It seems like this is close enough to the DNA case that the same principle could apply... Patent their specific process for creating it, but not the blood itself.
That way others could do research, and perhaps come up with other ways to create the same thing more efficiently, but if a company wants to build a blood factory, investing millions in equipment, then they could simply license the equipment. And if it works out good, then a second company could also license the equipment, and so on and so forth until supply meets demand and a fair price emerges.
One nice thing about artificial blood is that there is already competition in place; donors that will go in and lay on a table for a bit in exchange for a couple cookies and the knowledge that they are helping someone that is in need.
In theory, we already have the network of donors in place to meet our needs (In the US at least, probably most other places as well) and so aside from the obvious benefit of being disease free this blood will mostly be taking up the slack, meaning if they start selling it to high then no one will buy it.
Plus, if this process uses a lot of adult stem cells, then I can see this as another opportunity for poor college students to make some money, aside from selling plasma.
"In light of your unreasonable demands, we are pulling out of France. Come check out our great Apple stores convenently located just across the border for all our quality products! Only a short train ride away!"
There is an Apple store in Geneva which is pretty convenient, and the Swiss seem to be pretty cool about stuff, at least from the lack of bad news about them.
Something like "hey guys, so I have this patent, and I really don't want to use it to sue anyone, but I have these legal bills and no money. Now, if I lose, it could hurt you too, so why not help me out, I'll license it to you at a very reasonable rate, and we can keep the lawyers out of it.
Better idea; short it now, then buy in big again when the IRS criminal investigation division starts looking at them.
Also, Prenda has ongoing cases in other areas that are going to get a lot more scrutiny because of this ruling.
He just doesn't go after people who share the digital version because he uses the digital version as a promotional tool to advertise the print version, as well as promote the Cory Doctorow brand, among other things.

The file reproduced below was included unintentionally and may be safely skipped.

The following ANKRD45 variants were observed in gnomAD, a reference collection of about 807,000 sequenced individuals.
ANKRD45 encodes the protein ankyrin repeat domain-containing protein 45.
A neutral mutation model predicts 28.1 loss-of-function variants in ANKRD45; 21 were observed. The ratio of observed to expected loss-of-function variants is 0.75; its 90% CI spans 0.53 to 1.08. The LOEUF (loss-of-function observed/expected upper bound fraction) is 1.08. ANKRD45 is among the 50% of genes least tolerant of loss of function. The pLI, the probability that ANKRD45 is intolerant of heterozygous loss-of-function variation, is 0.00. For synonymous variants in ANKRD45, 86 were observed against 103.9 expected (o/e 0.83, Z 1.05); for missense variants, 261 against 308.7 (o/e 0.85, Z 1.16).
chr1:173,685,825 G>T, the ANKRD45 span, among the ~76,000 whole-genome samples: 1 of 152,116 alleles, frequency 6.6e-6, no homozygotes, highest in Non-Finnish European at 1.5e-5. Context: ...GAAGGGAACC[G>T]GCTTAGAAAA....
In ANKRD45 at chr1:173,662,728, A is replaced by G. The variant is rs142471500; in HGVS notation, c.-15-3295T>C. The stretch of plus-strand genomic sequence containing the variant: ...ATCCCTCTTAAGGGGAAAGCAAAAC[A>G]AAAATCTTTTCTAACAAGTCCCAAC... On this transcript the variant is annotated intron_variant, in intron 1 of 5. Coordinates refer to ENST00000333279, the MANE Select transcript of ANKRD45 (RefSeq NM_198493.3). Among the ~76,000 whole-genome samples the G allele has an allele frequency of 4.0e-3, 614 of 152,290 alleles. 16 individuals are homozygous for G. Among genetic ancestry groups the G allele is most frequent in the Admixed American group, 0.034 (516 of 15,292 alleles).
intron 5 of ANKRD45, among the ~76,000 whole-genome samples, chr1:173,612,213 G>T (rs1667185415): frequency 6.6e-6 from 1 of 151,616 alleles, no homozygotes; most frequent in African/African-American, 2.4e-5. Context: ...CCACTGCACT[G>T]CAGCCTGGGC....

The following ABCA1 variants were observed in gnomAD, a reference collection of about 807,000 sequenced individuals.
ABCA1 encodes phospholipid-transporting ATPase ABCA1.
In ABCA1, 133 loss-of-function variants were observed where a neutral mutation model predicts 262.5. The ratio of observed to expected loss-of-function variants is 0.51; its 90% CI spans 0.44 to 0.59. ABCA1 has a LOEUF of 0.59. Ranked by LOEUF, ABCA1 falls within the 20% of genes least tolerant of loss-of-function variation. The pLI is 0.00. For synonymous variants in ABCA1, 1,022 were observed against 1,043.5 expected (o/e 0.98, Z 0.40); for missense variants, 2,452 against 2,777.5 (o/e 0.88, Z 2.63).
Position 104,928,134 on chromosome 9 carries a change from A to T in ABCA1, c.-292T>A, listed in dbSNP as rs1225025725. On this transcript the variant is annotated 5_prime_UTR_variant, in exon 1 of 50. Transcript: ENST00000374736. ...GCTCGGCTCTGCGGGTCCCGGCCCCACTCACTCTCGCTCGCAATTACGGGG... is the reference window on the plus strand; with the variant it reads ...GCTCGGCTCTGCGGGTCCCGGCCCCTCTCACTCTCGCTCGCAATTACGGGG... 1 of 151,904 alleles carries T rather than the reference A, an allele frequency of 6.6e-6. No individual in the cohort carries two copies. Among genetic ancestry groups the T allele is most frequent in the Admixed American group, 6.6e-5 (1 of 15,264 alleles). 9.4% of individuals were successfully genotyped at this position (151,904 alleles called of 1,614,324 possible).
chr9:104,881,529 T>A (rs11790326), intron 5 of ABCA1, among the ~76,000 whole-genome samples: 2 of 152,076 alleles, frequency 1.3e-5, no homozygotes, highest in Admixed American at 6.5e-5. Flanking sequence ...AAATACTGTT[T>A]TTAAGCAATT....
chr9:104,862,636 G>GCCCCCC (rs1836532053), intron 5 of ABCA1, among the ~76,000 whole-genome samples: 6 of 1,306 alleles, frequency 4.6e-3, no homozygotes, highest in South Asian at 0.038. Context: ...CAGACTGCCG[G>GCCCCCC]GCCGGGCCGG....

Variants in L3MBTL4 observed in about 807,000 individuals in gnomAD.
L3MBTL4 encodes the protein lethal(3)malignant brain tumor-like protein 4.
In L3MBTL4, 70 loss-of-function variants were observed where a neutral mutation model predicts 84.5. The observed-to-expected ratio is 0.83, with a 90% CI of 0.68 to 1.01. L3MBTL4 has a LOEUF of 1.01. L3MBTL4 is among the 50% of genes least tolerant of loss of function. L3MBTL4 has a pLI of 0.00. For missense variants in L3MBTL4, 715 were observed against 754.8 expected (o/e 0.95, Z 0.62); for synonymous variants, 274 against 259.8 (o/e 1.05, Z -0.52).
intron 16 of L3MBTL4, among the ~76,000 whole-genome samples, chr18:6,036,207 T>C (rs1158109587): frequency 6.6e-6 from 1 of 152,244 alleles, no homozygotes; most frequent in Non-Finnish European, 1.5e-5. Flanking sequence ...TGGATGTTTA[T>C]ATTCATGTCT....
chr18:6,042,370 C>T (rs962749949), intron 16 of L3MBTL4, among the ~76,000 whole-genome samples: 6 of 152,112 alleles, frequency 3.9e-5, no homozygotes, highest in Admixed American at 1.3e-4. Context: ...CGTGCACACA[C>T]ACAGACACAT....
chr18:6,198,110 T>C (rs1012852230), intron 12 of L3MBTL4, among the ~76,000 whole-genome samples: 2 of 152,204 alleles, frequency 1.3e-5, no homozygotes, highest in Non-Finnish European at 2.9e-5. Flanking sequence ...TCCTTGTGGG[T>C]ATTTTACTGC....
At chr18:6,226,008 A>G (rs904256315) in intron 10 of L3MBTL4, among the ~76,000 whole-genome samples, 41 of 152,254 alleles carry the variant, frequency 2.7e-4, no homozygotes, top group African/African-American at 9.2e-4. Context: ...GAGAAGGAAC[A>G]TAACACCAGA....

By taking down these files, they are censoring his advertising which can directly effect his book sales, and hurt his brand.
And yes, lots of people will buy the print version of something that they can get in an electronic version for free. Scott Sigler is another great example of this working.
I heard an interesting point about fair use the other day, which is that a lot of things are fair use, but that being fair use doesn't mean you won't get sued. Fair use just means that if you get sued, you have a legitimate leg to stand on in court so you hopefully wont lose everything.
Or New York City.
If I ever figure out I'm in a disaster movie, I'm getting as far away from NY as possible. It always gets creamed.
For the west coast, it's usually LA... No one ever invades Seattle. Maybe that's a good place to head to.
At least in the US, you see a medicine commercial, and at the end they go over the possible side effects. "If you take this pill for your low back pain you could have swelling of the hand, dry mouth, and an oozing rash. In some rare cases people grew extra limbs, then died."
Is this a different type of disclosure?
I guess it could be the actual numbers of how many people actually grew a 3rd arm and then were strangled when it had a mind of it's own.
Or, at least how bad the rash oozed.
To be a little more accurate, this is local level government, not state level. That being said, there is a really good reason why we have multiple levels of government. Federal level can step in and make changes across the board, hopefully with the best interests on the majority of citizens in mind, like the FCC in this story.
State level can step in if the federal government goes a little to far in it's reactions.
You see this a bit with states legalizing pot, despite the DEA's wishes.
I'm not for anyone taking drugs and ruining the lives of others (self destruct if you want, but think of your family before you do) but it's pretty clear from the over full prisons and no slow down in the flood of illegal drugs that the current method isn't working; maybe we should try a different plan. For science.
This is better than a la cart channels. This trend will grow, and it will eat the cable companies from within, because all the sudden they will have to face a level of competition that they haven't had to deal with since they got their regional monopolies.
It will be interesting to see what their response is to this threat.
Disrupters will come along, such as Google fiber in KS, Muni broadband, etc, and at some point there will be a subtle shift, like is happening with traditional land lines to cell phones/voip.
I would be really interested to hear what their definition of what a Zero-TV home is.
From the sounds of it, it's not just a home that doesn't have cable/sat, but also doesn't have over the air, which makes a lot more sense given that 5% number.
The number that use both internet and over the air instead of cable is quite a bit higher if I remember correctly.
Nielson announced a good month or more ago that they were going to start counting internet tv services in their numbers such as Netflix, YouTube and Hulu, and some of the bigger networks like ABC are responding to the announcement that they are going to be putting their shows online day of instead of after a week wait because of it.
For lots of great cord cutting news check out Frame Rate on the TWIT network: http://twit.tv/show/frame-rate
It's one of my favorite weekly video netcasts.